BY GEORGE OKOJIE, Lagos
Lagos State Governor, Mr Babajide Sanwo-Olu on Tuesday raised the alarm over rising COVID-19 positive cases in the wake of the pandemic second wave saying, the oxygen demand by patients in the state owned isolation facilities have risen from 70 to 360 six litre cylinders per day and projected to hit 750 by end of January, 2021.
Sanwo-Olu, also said in the second wave of the pandemic any malaria like symptoms by patients should be considered as COVID-19 unless proven otherwise by the test conducted on the patients.
The governor, made the remarks on Tuesday, while briefing newsmen on the update of COVID-19 situation in the state, held at Lagos House, Alausa, Ikeja.
According to , “The increase in the positivity of cases has necessitated the provision of greater amounts of concentrated oxygen for the moderate to severe cases on admission in our isolation centres.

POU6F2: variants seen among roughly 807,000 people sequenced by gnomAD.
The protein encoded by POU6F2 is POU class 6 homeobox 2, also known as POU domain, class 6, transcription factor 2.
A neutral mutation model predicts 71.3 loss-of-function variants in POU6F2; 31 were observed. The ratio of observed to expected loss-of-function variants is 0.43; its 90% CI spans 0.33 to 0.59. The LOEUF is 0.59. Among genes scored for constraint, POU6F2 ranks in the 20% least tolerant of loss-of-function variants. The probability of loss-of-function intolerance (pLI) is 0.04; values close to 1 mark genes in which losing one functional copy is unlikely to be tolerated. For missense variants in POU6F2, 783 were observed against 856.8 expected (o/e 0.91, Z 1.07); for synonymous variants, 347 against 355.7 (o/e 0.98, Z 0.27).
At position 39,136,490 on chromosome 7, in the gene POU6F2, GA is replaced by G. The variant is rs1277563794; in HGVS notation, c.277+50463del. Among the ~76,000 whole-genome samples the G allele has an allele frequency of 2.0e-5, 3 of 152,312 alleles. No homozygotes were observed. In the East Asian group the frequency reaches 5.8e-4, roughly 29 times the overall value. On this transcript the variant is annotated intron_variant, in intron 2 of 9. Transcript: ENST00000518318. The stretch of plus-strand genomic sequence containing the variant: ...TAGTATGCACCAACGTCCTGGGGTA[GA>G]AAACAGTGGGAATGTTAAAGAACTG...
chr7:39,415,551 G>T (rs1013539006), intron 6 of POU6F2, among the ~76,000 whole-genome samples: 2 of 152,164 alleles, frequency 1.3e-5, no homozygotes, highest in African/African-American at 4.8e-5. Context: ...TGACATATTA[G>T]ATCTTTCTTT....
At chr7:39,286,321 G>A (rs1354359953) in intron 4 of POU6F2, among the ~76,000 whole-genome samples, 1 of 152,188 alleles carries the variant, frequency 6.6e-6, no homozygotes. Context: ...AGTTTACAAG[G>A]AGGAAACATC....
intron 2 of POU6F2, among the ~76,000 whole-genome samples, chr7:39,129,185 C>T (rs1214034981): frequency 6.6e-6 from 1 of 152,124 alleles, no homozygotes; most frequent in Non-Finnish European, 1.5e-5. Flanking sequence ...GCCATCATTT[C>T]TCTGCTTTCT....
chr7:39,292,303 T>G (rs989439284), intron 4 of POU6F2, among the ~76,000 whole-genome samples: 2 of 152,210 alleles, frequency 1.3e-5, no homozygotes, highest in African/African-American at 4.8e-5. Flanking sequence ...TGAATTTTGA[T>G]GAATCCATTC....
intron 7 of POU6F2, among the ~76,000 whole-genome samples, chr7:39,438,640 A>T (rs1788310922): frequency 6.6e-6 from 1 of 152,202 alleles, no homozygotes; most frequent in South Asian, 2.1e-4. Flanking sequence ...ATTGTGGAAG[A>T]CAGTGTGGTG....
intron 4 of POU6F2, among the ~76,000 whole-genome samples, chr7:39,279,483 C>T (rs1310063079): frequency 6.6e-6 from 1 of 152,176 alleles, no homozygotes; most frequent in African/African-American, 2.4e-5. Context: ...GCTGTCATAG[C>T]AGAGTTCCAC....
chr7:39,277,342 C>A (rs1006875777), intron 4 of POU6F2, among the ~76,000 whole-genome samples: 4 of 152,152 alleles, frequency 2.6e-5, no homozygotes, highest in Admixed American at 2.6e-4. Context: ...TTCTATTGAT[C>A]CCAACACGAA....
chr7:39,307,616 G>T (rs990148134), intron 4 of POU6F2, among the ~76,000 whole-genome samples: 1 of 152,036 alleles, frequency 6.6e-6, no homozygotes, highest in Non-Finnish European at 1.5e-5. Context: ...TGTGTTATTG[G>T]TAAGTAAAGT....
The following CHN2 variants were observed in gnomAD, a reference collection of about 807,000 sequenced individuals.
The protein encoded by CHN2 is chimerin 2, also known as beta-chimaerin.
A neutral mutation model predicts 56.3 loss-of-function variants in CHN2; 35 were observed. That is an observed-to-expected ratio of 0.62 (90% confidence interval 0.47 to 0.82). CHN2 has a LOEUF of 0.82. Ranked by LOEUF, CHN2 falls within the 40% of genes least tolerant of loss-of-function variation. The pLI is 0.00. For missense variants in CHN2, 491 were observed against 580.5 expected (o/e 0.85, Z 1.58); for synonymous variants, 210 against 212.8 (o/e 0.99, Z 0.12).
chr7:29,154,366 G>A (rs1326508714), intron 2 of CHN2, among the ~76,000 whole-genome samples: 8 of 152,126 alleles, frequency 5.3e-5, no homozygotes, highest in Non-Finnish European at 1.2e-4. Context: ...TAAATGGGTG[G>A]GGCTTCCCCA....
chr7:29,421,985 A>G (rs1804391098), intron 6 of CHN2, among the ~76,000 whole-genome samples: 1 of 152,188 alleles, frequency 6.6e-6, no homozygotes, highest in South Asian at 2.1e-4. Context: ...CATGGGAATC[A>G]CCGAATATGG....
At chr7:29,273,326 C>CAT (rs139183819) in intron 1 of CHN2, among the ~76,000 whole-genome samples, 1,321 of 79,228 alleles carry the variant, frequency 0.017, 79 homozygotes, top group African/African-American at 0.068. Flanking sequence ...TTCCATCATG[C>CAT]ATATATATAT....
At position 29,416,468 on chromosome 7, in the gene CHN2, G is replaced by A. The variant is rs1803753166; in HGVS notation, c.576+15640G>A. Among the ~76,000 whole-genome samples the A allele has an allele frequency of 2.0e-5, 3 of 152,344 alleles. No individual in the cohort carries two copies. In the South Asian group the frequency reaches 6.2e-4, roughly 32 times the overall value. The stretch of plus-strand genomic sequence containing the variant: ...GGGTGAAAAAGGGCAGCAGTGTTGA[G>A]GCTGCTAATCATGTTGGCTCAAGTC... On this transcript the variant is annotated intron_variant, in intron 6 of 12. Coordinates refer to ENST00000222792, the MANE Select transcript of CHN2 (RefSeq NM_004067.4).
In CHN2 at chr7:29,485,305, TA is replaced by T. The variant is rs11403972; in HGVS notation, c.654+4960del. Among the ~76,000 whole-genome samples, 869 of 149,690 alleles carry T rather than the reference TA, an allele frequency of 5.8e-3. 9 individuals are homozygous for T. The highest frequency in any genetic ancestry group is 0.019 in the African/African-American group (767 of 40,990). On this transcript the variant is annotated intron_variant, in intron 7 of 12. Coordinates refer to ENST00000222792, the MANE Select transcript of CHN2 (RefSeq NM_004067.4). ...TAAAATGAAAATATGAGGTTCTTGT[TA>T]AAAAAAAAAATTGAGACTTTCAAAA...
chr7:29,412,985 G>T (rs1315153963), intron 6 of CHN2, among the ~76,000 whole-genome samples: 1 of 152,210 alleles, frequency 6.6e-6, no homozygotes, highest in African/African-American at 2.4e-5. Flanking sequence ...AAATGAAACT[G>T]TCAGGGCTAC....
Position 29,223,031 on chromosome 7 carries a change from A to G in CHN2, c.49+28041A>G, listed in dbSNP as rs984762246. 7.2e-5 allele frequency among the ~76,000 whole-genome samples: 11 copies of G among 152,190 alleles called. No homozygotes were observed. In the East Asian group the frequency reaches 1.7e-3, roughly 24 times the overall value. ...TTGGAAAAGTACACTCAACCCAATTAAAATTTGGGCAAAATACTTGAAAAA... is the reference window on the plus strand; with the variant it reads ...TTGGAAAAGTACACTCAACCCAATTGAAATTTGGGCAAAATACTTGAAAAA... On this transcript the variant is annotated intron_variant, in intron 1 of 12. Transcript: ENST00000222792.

“Over the last few weeks, the demand for oxygen has risen from 70 6-litre cylinder per day to 350 6-litre cylinders in our Yaba Mainland Hospital.
“This is projected to more than double to 750 6-litre cylinders, before the end of January 2021.
“ln addition to providing oxygen at our isolation centres, the Lagos State Government has decentralized the availability of oxygen across the State through the provision of 10 oxygen and sampling kiosks.
“Oxygen therapy and other related services will be provided to patients that require them.
‘Five of these 10 oxygen centres have been commissioned while the remaining five will be ready for use within the next four weeks.
“It is our expectation that these sampling kiosks would be easily accessible to residents that require oxygen therapy at the level of Local Government Areas, LGAs as stabilization points prior to onward transmission to our Isolation centres, if required.
On the reopening of schools despite COVID-19 spike, he said,’’ It was a difficult decision to make in light of the second wave of COVID-19 but I assure you It was the best decision for our children safety and long-term development especially our most vulnerable children.